Flowers that lure hummingbirds and butterflies. Shade trees. A gazebo and a clothesline. These are some of the features of a unique physical therapy garden that Merwick Care & Rehabilitation Center is building.
The new physical therapy garden will not only be beautiful but will include practical objects to ensure patients practice real life skills to regain their strength and flexibility. These include paths of sand, gravel, brick and asphalt to give patients practice walking on various surfaces during physical therapy. There will be benches of differing heights, raised planters where patients can garden and a putting green to practice their golf skills. The gazebo will feature a door so patients can practice opening a handle. There will even be a parked car so patients can relearn how to get in and out of a vehicle.
“We’re very excited about the new therapy garden,” said Michael Jacobs, vice president of Windsor Healthcare, Merwick’s parent company. “We try to have our patients outside as much as possible. We’re dedicated to healing.”
The 7,500 square-foot garden, which will be completed next month, will allow patients undergoing rehabilitation to enjoy nature as they receive physical therapy. A panoramic view of the garden will be available to patients through the two-story glass wall at the state-of-the art therapy gym at Merwick. A fountain will add to the ambience.
“Many of the things that happen inside can happen outside,” said Jack Carman, a landscape architect with Design for Generations who devotes his practice to designing therapy gardens. “Nature is a positive distraction. You accomplish so much more being out in the garden. It’s a value to the patients, as well as the community.”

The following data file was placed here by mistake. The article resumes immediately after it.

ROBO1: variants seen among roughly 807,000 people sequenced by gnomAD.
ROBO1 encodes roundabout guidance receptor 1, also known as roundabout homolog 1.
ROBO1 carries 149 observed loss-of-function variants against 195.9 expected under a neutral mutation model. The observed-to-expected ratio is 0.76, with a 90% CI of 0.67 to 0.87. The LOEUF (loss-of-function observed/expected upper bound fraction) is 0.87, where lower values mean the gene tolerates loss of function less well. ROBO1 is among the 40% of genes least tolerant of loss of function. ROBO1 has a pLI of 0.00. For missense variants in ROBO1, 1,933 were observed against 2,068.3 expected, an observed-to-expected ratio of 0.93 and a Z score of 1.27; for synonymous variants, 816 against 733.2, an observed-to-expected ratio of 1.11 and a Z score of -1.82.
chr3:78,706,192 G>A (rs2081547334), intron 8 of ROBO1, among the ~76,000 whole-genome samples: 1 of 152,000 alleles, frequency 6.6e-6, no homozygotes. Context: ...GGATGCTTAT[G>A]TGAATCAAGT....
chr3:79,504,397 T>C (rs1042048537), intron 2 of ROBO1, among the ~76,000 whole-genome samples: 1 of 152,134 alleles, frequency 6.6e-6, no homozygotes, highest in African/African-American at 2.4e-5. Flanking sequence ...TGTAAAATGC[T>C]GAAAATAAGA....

The Merwick therapy garden will be the only one of its kind in the region, Carman said.
“There’s nothing else in the area of this size and magnitude,” Jacobs added. “This outdoor rehabilitation park gives patients a lot more to do. Coupled with the indoor gym, it’ll offer patients the best option to regain their strength and stamina.”
Dr. Cheryl Landry, PT, regional director of Select Medical Rehab Services of Kessler Core, said the new therapy garden will have “almost every obstacle a person can encounter,” which will help patients reach their goal of getting back to their homes.
Patients will be distracted by the setting and won’t realize they are getting therapy, said Landry. Meanwhile, as a patient walks, sits on a bench, or hangs clothes on the clothesline, the therapists will assess their gait or note if they have a foot drop, she said.
Studies have shown that patients who can see nature from their hospital room heal faster and feel less pain than patients who don’t have a window, Carman said. Looking at nature lowers blood pressure and reduces stress.
The new physical therapy garden will bring the patient into a lovely natural setting, replete with flowers and trees. The flowers, chosen to bloom throughout the spring and summer, include butterfly bushes, black-eyed susans, cardinal flower, day lilies and roses, a familiar plant, Carman said. Red bud trees will bloom in the early spring and four different crepe myrtles will flower through the summer.
The Luxor Pavilion at Merwick offers short-term rehabilitation for patients recovering from illness, injury or surgery. Many of the patients are in their 50s or 60s and come in after knee or hip replacement, said Landry.
Merwick is part of Windsor Healthcare, a family-owned business. It offers person-centered care in a building designed for comfort with amenities that could be expected in a five-star hotel. The 200-bed facility overlooks the Millstone River near the new University Medical Center of Princeton at Plainsboro hospital.